Tutorials / Tools


There it is! A brand new miniature! Sparkling in pure silver... but totally covered with molding lines and unassembled! ;)

So first the miniature has to be trimmed and cleaned:

I use a very long and sharp cutter from Martor. The blades can be exchanged and because of the long tip it is no problem to reach even difficult areas.
From time to time I need fine files which I bought in a shop for model making.
Wire cutting pliers are necessary to remove CAREFULLY big amounts of tin or the pieces of tin under the feet of miniatures if you don't want to put them on normal slot bases.
A hand driller is very useful if you want to "pin" a mini:
That means, that the two parts are not only glued together. Instead they are connected with a pin.
You have to drill a hole in one piece where it will later meet the other part, insert a little pin into the hole and press the parts together. Now you can see a little dent on the other part, there drill another one. If you glue the parts with the pin together (with superglue, epoxy resin or green stuff) the connection will be much stronger.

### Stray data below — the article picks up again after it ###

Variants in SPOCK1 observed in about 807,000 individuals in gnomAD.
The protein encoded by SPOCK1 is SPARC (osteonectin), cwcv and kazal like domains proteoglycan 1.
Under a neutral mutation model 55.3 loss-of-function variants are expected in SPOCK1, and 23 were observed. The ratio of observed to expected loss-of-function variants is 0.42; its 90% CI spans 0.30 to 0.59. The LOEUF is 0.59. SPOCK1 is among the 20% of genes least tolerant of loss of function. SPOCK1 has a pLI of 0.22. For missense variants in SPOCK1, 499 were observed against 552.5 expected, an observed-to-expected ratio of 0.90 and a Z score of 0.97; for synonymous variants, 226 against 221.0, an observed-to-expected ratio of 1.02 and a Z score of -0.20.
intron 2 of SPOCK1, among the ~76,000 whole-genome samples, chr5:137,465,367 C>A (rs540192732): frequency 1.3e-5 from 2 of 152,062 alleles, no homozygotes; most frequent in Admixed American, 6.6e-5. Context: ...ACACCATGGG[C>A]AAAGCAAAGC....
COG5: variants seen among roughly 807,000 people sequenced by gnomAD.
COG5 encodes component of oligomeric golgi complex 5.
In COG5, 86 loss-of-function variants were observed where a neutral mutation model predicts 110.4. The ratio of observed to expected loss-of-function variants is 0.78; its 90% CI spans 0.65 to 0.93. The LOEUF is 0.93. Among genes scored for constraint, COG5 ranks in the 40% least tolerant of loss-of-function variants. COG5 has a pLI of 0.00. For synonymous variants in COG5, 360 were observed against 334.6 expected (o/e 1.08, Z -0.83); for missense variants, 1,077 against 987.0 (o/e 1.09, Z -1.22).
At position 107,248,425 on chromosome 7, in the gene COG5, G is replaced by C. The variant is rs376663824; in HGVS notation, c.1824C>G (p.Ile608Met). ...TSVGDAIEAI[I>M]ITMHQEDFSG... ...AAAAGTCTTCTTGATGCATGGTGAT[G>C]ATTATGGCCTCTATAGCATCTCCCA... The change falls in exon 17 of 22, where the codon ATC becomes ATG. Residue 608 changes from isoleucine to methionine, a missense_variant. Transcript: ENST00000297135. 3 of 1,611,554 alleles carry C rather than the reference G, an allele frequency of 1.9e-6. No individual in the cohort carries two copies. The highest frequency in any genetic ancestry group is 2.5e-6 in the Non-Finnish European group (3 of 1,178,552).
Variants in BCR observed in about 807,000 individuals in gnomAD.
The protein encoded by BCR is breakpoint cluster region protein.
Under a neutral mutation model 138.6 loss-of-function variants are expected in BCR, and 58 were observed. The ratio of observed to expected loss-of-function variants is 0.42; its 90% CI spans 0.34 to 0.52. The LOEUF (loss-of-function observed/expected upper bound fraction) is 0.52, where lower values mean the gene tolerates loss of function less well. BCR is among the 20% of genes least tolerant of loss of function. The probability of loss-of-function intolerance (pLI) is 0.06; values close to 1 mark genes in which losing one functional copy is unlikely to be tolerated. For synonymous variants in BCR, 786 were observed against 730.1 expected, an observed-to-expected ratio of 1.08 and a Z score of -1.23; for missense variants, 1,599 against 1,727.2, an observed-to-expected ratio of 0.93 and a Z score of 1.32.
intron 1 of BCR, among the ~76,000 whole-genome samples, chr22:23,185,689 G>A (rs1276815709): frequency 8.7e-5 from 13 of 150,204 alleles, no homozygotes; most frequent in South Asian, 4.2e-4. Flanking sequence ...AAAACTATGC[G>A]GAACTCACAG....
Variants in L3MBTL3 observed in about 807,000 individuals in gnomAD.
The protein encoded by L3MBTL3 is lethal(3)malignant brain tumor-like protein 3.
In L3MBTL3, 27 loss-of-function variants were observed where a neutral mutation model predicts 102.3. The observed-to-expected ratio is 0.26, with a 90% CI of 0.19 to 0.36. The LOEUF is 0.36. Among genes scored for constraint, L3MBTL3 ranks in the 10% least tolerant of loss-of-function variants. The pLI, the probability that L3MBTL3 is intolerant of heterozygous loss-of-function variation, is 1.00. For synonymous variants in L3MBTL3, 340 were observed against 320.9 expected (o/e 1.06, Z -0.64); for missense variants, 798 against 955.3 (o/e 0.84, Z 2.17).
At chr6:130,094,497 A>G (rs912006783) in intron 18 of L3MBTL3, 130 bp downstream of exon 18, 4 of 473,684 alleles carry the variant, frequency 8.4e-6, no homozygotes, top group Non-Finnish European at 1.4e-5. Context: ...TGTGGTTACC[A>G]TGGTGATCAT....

Also you can fix a miniature with a pin in the foot to the hand driller to paint it from all sides (you will see that you can better move around the miniature with the brush to reach difficult areas).
I use steel pins which are 1.5 cm long to connect the parts.


Small parts can be glued with superglue, I use a gel because it will not flow over the miniature and ruin it and it is very strong. You must be careful not to use too much of it because than it will not hold.
I pin the heavy parts like dragon wings and glue them together with epoxy resin. This is a glue made of two components which must be mixed in equal parts. It stinks very much (so better open the window!) but it is stronger than the superglue and small gaps can be filled with it. The epoxy resin I use hardens in 5 minutes, so you can move the parts a little bit until they fit perfectly. After one hour the epoxy resin is totally dry.

Big parts that can not slip easily but may have larger gaps (like horse parts) are glued with Green Stuff. You can re-model the gaps if the parts doesn't fit properly together.

Modelling tools:

A pair of tweezers and a few modelling tools will help you to hold small parts during the gluing and to re-model the gaps which are glued with Green Stuff.


I was searching for very matt paint which should not be too expensive but with much pigments to make it possible to dilute them very much. ;)
By chance I found the Duncan paints during a painting workshop for ceramic figures. The paint is very thick and a lot of water is necessary to dilute them before painting, but it is so much paint (59 ml), that a bottle will last very long.